Thursday, February 14, 2008

ACLU condemns Senate FISA vote Blogburst

This is a Stop the ACLU Blogburst:

I was glad to see that he was playing hardball with the House on this, and that part of the legislation went to protect third party companies that participate patriotically in protecting America from insane lawsuits. Most of these lawsuits, of course, can be traced back to the ACLU, so it is no surprise that they were quite upset when the Senate passed this legislation.
The American Civil Liberties Union today slammed the U.S. Senate for not only authorizing the president's warrantless wiretapping program but for granting immunity to his accomplices, the telecommunications companies. By a vote of 68 to 29, the Senate passed legislation amending and, in the end, gutting the Foreign Intelligence Surveillance Act (FISA). The bill now must be conferenced with the House's version of the bill – which contains no immunity and stricter Fourth Amendment protections – by February 16th, the recently extended expiration date of the equally disastrous Protect America Act.
The ACLU go on to give "kudos" to Feingold and Dodd for trying to make the bill more "palatable". Of course the ACLU claim to be upset over "privacy" issues, yet we know their hypocrisy on this issue. No doubt they are more upset by the protection of telecom companies from their million dollar lawsuits.

Meanwhile Bush is playing hardball on this important legislation.
A main sticking point is a provision included in the Senate legislation that would provide retroactive immunity to telecommunications companies that cooperated with the government. Bush said the companies "won't help protect America" without such liability protection.

The president stated that terrorists must communicate with each other and exchange information to carry out their plans and argued that enlisting the help of telecommunications companies is crucial in uncovering their activities.
Indeed, this has slipped the grasp of the minds at the ACLU. They are suggesting to the House to let the Protect America Act expire.
The ACLU exhorts members of the House to let the unconstitutional Protect America Act expire and stand strong on not letting the phone companies off the hook for law breaking.
I agree with John Boehner's statement:
"Our terrorist surveillance laws are critical to keeping our nation safe from attack, and until we modernize them, our intelligence officials will be at a significant disadvantage against the terrorists who threaten our way of life. The Senate-passed bill would modernize these laws in the long-term so intelligence officials – not government lawyers – are entrusted to protect our national security. President Bush has said he will not sign another temporary measure that only kicks the can farther down the road, and I stand behind that decision.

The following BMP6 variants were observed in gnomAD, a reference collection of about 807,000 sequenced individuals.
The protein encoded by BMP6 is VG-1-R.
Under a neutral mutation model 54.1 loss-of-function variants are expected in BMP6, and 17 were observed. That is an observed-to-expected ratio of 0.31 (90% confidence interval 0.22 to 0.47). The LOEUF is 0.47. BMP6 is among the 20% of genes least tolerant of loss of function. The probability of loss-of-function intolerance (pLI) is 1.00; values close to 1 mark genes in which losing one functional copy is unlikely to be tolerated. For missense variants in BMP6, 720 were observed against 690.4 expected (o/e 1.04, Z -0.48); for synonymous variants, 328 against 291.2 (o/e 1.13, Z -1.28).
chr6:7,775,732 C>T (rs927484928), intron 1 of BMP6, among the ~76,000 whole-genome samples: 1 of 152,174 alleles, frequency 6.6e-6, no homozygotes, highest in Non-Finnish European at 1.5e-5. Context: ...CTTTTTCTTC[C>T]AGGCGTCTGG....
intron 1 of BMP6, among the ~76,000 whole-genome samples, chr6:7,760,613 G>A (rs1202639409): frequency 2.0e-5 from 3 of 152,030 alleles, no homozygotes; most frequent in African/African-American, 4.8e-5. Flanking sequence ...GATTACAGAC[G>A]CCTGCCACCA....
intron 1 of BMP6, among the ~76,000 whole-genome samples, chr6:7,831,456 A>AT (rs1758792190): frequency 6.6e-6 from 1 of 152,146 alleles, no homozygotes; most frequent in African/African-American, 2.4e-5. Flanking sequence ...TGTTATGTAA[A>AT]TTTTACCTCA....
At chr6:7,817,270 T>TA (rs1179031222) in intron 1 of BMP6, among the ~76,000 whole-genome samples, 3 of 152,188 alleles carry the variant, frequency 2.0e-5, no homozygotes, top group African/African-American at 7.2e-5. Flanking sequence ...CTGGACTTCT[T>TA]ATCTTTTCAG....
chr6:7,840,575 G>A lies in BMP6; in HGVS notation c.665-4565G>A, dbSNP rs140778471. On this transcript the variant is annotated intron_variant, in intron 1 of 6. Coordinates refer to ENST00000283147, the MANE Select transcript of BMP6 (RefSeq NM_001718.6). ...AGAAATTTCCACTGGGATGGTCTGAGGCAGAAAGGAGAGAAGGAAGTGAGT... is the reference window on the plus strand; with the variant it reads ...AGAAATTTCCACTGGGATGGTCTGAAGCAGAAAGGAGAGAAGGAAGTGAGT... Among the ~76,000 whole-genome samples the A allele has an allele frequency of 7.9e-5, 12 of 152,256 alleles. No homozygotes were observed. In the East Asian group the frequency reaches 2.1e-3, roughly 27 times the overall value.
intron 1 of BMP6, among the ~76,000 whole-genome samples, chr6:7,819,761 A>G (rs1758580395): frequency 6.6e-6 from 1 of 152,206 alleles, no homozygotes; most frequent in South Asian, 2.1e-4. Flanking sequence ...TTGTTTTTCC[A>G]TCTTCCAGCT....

"The Majority has played games with FISA modernization for months on end, and today, those games must end. Delaying action on a long-term modernization bill puts our national security at risk. It's time for House Democratic leaders to do the right thing and allow the House to consider the Senate's bipartisan bill so President Bush can sign it into law."
My Pet Jawa points out that Obama just may be the ACLU's candidate of choice…the dangerous kind.

Michelle Malkin has a great roundup on this.
Barrack Obama's "change" is more than a silly slogan, it's dangerous. For Obama "change" means moving American to a pre-9/11 stance where law enforcement's hands were tied. 9/11 was not a failure of individuals–Bill Clinton and George W. Bush are not to personally to blame–it was systemic failure. Barrack Obama wants to take us back to that system that failed us.
It says something about his national security world view, or his callowness, that Mr. Obama would vote to punish private companies that even the bipartisan Senate Intelligence Committee said had "acted in good faith." Had Senator Obama prevailed, a President Obama might well have been told "no way" when he asked private Americans to help his Administration fight terrorists. Mr. Obama also voted against the overall bill, putting him in territory.
AJ Strata breaks it down, and everything he says of Obama can be applied to the ACLU:
This upside down world, where terrorists who make it to our shores are then considered untouchable because of some bizarre fear of a new Nixon abuse of power, is what Obama voted FOR! Obama wants to give terrorists carte blanche freedom to communicate with their agents in the US once they get here. What is so wrong with the current system? Why do NSA leads have to be relegated back to some kind of impure status simply because the NSA detected them and not the FBI (who doesn't listen in on our enemies overseas)? What is wrong with the leads being passed to the FBI to assess, which then takes those which show to be troubling to the FIS Court for full surveillance? This program has stopped attacks and saved lives, and yet "Big Bird" Obama and his Sesame Street view that 'we can all just hold hands and get along' is opposed to it and wants to expose us to unnecessary risk?

And this is EXACTLY what Osama wants us to do, lower our guard again so he can hit us hard and show the Muslim world he is still relevant and not on the brink of being destroyed. Even Hillary has not been this suicidally delusional about the threat to America. The enemy is not the phone company Big Bird, it is all those Jihadis working to die a glorious death by taking out thousands of Americans in one blow. And this is why Obama is a naive and unwitting ally of Osama, as are most Surrendercrats.
Michelle Malkin has a great roundup.

Posts I've trackbacked to at Linkfest and other sites:
Stop the ACLU, Tel-Chai Nation, Tel-Chai Nation, Big Dogs Weblog, Diary of the Mad Pigeon, A Few Shiny Pebbles, Wolf Pangloss, 123beta, Right Truth, Conservative Cat.
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